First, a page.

Next thing, the fact that people who trade only one pair because they want to be good at those before moving on the other ones mean they don’t know much. Just because the GBP/USD likes to stay in range or AUD/JPY likes to trend, that doesn’t mean it’s going to do that into the future. A currency pair trends, it falls into a range, it consolidates, it might go crazy right after that…just like every other currency pair out there. If we think that some currency pair is range-bound, the one time it stops being in a range we could be doomed, so we better erase that conviction from our heads.

Currency pairs don’t have their own unique movement, the volatility might be specific but not the movement. If somebody did well trading with euro/Chinese yuan, for example, it is not going to be like that forever, it might be moving through the path that strongly supports the way that particular person likes to trade. All of that is going to change, we need to be careful and pay close attention. We don’t want to develop bad habits.

Further on, we want to trade the daily chart exclusively according to certain trade experts. They believe more than anything that the daily chart is the far superior chart to trade when you are using the trend following strategies. Trend following is also statistically proven to be the best method of trading. Every technical tool, everything that we use works better and more consistently on the daily chart than any other chart out there, according to their experience. Every single time the daily chart turned more consistent results even if we use horrible tools. Trades win more often, and we shouldn’t spend more than twenty minutes managing our positions. So maybe we should consider making that switch or start trading this way from the very beginning.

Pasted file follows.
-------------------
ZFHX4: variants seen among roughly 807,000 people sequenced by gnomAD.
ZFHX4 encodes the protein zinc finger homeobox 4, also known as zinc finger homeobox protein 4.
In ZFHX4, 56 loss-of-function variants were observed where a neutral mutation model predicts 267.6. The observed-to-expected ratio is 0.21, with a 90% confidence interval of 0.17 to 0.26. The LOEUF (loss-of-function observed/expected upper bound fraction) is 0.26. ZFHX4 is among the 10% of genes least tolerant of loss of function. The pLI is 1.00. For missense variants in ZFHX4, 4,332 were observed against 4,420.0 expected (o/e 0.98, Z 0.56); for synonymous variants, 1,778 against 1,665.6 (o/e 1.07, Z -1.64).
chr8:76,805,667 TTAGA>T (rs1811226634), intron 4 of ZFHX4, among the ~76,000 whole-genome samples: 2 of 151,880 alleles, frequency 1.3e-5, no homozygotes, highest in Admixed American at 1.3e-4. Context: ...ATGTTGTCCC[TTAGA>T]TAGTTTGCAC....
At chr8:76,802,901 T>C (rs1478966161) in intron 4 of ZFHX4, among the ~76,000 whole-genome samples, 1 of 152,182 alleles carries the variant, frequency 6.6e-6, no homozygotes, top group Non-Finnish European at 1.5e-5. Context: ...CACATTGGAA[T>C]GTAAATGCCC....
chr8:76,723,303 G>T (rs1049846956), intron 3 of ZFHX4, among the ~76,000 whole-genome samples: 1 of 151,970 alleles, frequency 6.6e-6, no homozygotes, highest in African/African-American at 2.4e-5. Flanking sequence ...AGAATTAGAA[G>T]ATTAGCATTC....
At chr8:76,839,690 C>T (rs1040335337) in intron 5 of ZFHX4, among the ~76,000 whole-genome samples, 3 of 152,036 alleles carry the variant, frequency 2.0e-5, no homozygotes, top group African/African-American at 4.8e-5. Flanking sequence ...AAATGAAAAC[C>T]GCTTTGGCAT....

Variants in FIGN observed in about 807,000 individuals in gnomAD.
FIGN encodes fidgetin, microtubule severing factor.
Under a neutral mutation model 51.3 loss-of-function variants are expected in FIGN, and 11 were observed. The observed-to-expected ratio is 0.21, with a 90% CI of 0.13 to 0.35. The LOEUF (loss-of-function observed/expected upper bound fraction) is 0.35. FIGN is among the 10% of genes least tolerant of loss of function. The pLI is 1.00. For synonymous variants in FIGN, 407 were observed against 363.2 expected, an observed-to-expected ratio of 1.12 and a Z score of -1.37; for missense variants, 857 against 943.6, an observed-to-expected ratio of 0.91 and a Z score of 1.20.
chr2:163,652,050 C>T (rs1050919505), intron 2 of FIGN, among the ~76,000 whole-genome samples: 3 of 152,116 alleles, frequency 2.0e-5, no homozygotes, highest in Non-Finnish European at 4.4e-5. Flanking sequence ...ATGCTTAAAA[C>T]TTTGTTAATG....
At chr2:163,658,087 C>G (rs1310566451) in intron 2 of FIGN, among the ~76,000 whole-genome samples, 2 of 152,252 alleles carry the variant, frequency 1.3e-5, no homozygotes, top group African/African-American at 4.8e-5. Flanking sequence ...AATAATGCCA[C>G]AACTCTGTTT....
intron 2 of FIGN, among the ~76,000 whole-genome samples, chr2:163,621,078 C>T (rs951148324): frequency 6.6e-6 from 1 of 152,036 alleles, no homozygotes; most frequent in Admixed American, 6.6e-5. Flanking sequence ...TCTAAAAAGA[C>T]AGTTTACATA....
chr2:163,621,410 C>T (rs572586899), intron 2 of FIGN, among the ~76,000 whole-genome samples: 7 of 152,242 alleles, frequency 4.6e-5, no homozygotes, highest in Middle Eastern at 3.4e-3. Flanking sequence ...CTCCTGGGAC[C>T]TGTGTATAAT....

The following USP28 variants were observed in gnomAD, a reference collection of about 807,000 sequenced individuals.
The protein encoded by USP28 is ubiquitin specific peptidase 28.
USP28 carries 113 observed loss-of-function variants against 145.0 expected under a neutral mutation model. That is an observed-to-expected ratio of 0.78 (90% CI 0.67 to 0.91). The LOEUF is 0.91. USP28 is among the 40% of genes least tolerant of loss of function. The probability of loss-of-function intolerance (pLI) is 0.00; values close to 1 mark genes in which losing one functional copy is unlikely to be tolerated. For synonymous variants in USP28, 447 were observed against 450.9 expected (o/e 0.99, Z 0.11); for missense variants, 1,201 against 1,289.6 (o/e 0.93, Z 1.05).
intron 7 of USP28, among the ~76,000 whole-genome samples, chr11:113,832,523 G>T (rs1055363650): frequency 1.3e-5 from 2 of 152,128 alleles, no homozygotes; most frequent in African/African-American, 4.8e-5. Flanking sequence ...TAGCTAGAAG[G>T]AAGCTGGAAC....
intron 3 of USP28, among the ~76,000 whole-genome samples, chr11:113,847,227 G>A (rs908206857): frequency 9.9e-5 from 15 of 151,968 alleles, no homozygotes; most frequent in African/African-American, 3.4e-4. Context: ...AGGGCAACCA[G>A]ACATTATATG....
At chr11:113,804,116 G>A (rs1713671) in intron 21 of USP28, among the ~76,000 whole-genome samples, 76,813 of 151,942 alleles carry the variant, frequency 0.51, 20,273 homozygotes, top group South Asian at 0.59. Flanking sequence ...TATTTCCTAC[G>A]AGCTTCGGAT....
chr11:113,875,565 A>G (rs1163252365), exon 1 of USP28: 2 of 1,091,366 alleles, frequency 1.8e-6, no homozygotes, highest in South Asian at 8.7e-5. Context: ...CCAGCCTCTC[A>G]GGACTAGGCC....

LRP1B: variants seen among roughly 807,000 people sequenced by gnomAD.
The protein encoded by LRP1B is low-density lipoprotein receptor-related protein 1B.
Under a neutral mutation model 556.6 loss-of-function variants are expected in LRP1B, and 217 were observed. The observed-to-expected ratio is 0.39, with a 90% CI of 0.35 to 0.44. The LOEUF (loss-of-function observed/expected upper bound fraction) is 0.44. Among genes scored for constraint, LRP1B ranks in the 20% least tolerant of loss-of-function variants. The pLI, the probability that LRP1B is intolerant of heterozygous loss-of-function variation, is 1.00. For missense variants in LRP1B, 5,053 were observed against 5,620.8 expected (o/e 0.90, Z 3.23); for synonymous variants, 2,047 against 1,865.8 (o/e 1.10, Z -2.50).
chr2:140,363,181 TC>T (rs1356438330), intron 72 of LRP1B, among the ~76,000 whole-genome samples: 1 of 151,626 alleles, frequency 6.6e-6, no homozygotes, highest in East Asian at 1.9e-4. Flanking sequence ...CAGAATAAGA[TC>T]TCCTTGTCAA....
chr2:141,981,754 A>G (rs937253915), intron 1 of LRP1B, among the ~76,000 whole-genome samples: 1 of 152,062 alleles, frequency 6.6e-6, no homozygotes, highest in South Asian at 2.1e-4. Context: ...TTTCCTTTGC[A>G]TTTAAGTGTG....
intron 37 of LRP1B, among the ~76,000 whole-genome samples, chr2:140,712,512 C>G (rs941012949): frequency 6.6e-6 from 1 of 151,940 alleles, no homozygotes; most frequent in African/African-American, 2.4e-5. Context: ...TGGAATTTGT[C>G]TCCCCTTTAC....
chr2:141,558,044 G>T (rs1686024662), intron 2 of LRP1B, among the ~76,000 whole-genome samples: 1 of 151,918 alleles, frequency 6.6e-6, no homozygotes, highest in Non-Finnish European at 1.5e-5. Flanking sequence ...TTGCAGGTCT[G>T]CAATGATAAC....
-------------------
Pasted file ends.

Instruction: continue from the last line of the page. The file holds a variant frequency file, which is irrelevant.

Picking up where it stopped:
Probably the biggest reason why we should be trading many more currency pairs than we currently are is that we’re severely limiting ourselves by only trading one, two, three, or four pairs. We want to have a well-balanced system in place and make a lot more money than others who trade with just a few currency pairs. If we trade with twenty-seven pairs we would have much more opportunity for success, we want to open our trading horizons. We need to warm up our algorithms, our little scales that we put together for ourselves on a technical level, we need to duplicate them on twenty-seven different currency pairs on the daily chart and we are always going to be in a comfortable position.

This is how we are going to create the best chance of making the most money possible in the market in the long run. Most of the money-making leading lecturers in a symposium agree on this. If we try to use those trading principles and go trade twenty-seven different currency pairs, all combination of eight majors, exclusively trade daily chart, we might be a lot further ahead than many other traders. Our goal should be to set up our best chances of winning in the forex because, in the end, it is all about winning.